Prior to 2020, The University of Miami redesigned its live sports production workflows to ensure all audio feeds were on the network using Audinate’s Dante.
“We don’t have a single XLR patch anywhere in our workflow,” said Anthony Lestochi, Director of Production Services at the university. “It made building out our production really easy and effective. And, when COVID happened, (it) made it easy to quickly adapt.”
“When we looked to bring production back, the first thing we did was knock walls down in our control room,” Lestochi said. “We totally rearranged the space and put up new physical barriers to allow for effective social distancing in the new control room.” Thanks to AoIP, they could run all of the new positions for equipment onto the network and know it would work quickly. It was a very easy change, and one that would have been far more difficult using traditional cabling.
The control room continues to make use of the same broadcast technology in place prior to the change in physical layout. Field and announcer microphones located on site are AoIP native, as is the intercom system. There are approximately 60 AoIP devices in use in the production – and on any given day, multiple productions can take place with around 100 signals running seamlessly across the local network.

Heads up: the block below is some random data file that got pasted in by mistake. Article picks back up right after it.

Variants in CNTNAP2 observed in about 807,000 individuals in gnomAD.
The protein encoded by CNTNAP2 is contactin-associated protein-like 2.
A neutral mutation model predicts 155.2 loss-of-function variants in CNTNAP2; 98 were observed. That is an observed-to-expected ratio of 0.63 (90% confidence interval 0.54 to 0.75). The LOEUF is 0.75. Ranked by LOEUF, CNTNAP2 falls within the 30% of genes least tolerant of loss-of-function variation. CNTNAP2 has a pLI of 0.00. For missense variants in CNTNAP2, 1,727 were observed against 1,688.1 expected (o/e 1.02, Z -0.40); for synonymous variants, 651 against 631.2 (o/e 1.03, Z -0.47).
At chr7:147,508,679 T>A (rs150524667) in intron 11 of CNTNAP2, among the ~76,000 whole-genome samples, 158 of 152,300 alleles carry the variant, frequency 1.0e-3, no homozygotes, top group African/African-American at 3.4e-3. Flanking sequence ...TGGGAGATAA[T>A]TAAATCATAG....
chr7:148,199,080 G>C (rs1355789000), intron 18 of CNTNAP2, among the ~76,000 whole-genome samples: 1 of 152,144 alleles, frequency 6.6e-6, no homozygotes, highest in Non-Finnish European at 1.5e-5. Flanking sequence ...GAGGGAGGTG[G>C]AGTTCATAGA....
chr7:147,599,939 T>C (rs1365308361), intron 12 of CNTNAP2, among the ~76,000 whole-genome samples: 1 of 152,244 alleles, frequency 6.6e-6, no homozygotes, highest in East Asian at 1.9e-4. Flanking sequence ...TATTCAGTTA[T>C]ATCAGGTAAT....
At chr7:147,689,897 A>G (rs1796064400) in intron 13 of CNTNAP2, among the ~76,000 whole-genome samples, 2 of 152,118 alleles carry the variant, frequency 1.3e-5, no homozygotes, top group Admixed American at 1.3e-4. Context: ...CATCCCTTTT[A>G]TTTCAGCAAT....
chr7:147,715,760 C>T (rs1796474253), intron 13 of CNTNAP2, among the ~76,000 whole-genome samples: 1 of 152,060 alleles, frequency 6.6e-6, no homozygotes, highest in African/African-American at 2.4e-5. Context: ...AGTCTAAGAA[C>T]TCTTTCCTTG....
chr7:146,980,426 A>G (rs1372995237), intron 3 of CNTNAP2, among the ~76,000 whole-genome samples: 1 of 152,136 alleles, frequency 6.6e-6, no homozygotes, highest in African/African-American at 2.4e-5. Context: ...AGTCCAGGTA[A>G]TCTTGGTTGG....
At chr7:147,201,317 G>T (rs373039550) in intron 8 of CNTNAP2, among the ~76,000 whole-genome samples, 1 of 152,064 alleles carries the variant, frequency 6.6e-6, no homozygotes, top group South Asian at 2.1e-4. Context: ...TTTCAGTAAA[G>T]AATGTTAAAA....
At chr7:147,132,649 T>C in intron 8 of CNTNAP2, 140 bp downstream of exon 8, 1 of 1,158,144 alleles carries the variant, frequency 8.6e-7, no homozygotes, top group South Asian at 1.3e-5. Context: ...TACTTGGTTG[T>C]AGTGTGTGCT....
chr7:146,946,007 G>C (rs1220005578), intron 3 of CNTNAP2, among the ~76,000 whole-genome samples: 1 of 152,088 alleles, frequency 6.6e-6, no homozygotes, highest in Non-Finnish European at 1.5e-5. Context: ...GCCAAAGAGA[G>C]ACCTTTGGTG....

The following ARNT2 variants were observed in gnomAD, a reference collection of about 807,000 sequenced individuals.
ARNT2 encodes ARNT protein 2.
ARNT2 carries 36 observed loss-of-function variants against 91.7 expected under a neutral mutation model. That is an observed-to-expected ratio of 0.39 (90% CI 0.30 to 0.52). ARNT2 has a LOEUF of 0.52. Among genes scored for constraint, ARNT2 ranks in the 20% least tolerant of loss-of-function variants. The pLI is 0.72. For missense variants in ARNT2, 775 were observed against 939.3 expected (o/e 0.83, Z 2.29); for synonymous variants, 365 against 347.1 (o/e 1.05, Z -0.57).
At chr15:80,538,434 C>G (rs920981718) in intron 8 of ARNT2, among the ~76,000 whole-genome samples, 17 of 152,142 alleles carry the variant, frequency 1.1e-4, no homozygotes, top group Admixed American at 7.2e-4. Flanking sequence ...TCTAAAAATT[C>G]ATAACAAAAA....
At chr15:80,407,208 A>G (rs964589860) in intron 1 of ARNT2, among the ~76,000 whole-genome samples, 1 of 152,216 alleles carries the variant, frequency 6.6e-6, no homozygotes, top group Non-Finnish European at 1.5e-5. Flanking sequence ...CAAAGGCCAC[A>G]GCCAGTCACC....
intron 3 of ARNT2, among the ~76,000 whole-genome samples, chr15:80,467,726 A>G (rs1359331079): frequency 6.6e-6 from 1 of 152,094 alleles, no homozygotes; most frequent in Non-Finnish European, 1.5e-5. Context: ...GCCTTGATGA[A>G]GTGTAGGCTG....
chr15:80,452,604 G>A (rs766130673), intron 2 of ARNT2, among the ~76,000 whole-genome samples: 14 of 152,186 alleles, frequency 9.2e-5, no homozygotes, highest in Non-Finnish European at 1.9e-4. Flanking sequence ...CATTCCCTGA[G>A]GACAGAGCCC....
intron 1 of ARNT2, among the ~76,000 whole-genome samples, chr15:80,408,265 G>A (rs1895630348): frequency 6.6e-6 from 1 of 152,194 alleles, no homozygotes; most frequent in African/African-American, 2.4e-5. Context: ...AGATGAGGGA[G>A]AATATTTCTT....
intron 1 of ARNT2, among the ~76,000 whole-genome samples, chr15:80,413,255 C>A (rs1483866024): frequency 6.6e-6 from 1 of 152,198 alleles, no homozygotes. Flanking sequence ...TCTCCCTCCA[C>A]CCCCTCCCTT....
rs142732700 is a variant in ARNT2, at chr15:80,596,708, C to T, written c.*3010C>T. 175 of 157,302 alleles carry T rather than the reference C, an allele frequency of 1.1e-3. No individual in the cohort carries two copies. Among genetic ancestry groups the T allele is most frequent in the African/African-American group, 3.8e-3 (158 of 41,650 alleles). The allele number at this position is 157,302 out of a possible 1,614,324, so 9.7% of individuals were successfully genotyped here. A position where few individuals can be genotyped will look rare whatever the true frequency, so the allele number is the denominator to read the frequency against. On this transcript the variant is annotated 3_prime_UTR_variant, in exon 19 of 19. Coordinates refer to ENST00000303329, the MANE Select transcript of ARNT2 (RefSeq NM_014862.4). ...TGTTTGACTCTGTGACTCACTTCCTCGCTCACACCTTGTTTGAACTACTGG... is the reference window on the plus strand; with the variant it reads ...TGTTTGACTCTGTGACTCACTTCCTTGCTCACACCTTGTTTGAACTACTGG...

Of course, many times announcers couldn’t be in the studio due to safety concerns. Miami’s AoIP solution extended into announcer’s homes, a practice that many viewers likely didn’t even realize was taking place. AoIP native commentator’s boxes are sent to an announcer’s home, where they are connected to computers that send the signals back to the studio over the public internet.
“That setup allows for bidirectional channels and two-way communication,” Lestochi said. “The talent can talk to each other as they watch the game, and the director and producer can also talk with the talent. Without that setup it would be nearly impossible for us to do this. It enables the talent to work the games from their home without much difference in the quality of the broadcast.”
Lestochi considered what it would require to make the same changes had the university stayed with its legacy system.